The photographer arrived and he asked us to sit on a wall in a row. Then he asked us to take off our shoes and socks and wade into the sea so that he could photograph us there. Oh, did I mention that we were at the beach? Well we were. And the other three guys were constantly talking to eachother – they could barely stop talking long enough to smile for the camera. I wonder if people will be able to tell, when they see the photo in the paper, that I was feeling like such an odd-one-out.
You know what would be cool? To have no possessions. Oh, I know what you're thinking, "It wouldn't be cool to have no possessions." But I was just thinking the other day, that my room is looking a little cluttered and maybe if I had less possessions, it would be easier to keep tidy. And thus, following on logically, if I had no possessions, it would be impossible to be messy. How happy I would be, in a constantly tidy room! But doing what?
Truth is, there are some things I just couldn't bear to throw away, like (in order of importance), my old journals, my photos, my computer data, my CDs, my tapes and my books.
Flash animation – click the gitchi-button
But there are some things I own which I could possibly do without, if I had to, like my TV, my camera, my microwave and my musical instruments. And then there are some things which are no use at all and I'm just holding onto them for old-time's sake. Like, my old Casio keyboard, my black and white TV, a big polystyrene number "5" which I made in my design-course – and my other artwork. Ever since 1996 I've have one of my paintings hanging in my room, a picture of a flying truck. It's painted on cardboard and the surface of the cardboard is curved, so I can't hide it away in a folio like I do with most artwork. But I hate having stuff on my walls, and I'm pretty sick of seeing that one day after day for the past seven years. So this afternoon I took that painting down and ripped it into little pieces. I still have a photo of the painting, so I'm not really losing anything.
On Saturday night I went to the Armadale hotel to see my favourite band, The Grand Silent System. It was not too crowded so I was able to dance a lot and I became very agitated, in a good way. After that I felt a little dehydrated so I went to the toilet to get a drink of water from the sink. Then, after I came out of the toilet, some girl said to me, "Great dancing!" and she held out her hand like to give me a handshake. But my hand was still a bit wet from the water so I didn't shake her hand. After that I rested for about ten minutes. But my body was still full of energy, as if it were expecting more vigorous activity. So I went out into the night air and ran down the street. And I kept running until I was absolutely exhausted, and then I walked, and walked, and walked, for four and a half kilometres. Lacking the money for a taxi, that was the only way to get home.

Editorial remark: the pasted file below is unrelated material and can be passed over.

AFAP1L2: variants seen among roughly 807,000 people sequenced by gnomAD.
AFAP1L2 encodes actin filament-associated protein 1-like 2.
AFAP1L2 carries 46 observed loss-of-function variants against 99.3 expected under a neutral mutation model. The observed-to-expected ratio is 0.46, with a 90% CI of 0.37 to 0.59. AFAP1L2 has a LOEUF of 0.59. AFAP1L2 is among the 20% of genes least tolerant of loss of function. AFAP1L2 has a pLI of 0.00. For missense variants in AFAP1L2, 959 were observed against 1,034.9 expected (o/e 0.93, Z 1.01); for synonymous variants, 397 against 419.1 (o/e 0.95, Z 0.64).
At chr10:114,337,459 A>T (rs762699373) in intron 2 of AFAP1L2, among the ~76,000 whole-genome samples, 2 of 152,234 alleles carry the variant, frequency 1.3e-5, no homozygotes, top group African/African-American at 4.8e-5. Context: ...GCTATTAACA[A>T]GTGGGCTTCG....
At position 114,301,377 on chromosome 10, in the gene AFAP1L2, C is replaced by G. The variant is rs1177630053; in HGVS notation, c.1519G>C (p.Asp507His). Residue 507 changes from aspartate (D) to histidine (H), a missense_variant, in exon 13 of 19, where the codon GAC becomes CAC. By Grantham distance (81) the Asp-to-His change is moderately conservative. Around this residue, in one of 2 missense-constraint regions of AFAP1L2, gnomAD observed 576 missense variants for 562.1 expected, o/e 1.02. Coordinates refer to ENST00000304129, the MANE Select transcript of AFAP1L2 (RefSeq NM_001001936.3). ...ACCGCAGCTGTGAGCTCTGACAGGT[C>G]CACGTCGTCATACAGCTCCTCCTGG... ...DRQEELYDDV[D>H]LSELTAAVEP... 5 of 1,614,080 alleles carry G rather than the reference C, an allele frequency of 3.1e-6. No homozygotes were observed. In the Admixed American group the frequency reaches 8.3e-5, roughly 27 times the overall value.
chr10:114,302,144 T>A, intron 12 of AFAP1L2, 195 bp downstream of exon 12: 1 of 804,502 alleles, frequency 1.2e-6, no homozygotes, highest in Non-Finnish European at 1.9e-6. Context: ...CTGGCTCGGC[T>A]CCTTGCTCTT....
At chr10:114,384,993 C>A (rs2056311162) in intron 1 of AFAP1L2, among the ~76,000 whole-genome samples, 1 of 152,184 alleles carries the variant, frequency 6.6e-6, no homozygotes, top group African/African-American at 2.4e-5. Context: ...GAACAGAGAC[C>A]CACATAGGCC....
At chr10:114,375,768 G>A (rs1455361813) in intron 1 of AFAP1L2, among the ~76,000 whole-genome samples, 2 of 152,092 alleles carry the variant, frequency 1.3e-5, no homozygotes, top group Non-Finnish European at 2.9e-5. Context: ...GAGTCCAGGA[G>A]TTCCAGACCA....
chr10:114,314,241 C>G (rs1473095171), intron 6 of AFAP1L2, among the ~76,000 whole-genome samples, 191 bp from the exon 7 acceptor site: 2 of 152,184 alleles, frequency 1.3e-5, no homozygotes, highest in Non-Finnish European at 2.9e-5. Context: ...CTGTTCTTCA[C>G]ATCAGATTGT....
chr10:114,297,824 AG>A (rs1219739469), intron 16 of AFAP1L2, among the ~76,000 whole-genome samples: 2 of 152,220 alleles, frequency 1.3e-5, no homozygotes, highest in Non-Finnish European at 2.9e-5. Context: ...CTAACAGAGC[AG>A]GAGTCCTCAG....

This Wednesday I went to the karaoke and it was kind of a dull night – most people were singing depressing, down-tempo songs and not dancing. But there were a few excellent singers there. As for me, I sang "Charmless Man" by Blur and I sang it extremely nasal.
I just finished reading the book "Rock N Roll Babes From Outer Space" by Linda Jaivin. It's about these babes, from outer space, who are very "rock n roll" and they form a band which is like, so successful, it's like every musician's dream. They have these magical powers which make people like them. Stuff happens in this book which would be impossible in real life – it's in violation of the laws of physics, logic, and human behaviour. And that's why I had a problem with it really, especially towards the end when the plot threads are resolved in an illogical way. And no one dies – I just can't take a book seriously if there's no death anywhere in it. The characters are all stereotypes, but that's not a weak point, 'cause it's a comedy, and stereotypes are funny when taken to extremes. So all in all it's pretty entertaining but it's no masterpiece.
There's a comedy show on Channel 2 called Welcher and Welcher – I thought it would be good because it stars Shaun Micallef who's done a lot of good stuff in the past. He's funny in his sketch comedy. But this new sit-com is much more conventional in its approach and it doesn't make me laugh so much. It's about this lawyer who isn't very kind. Some of the jokes just fall flat. Maybe it should have a laugh track. I wouldn't normally say that about any show, 'cause I hate laugh tracks, but this show just feels like it's lacking one. Or maybe it should be shot on a hand-held film-camera from weird angles – that would make it funnier.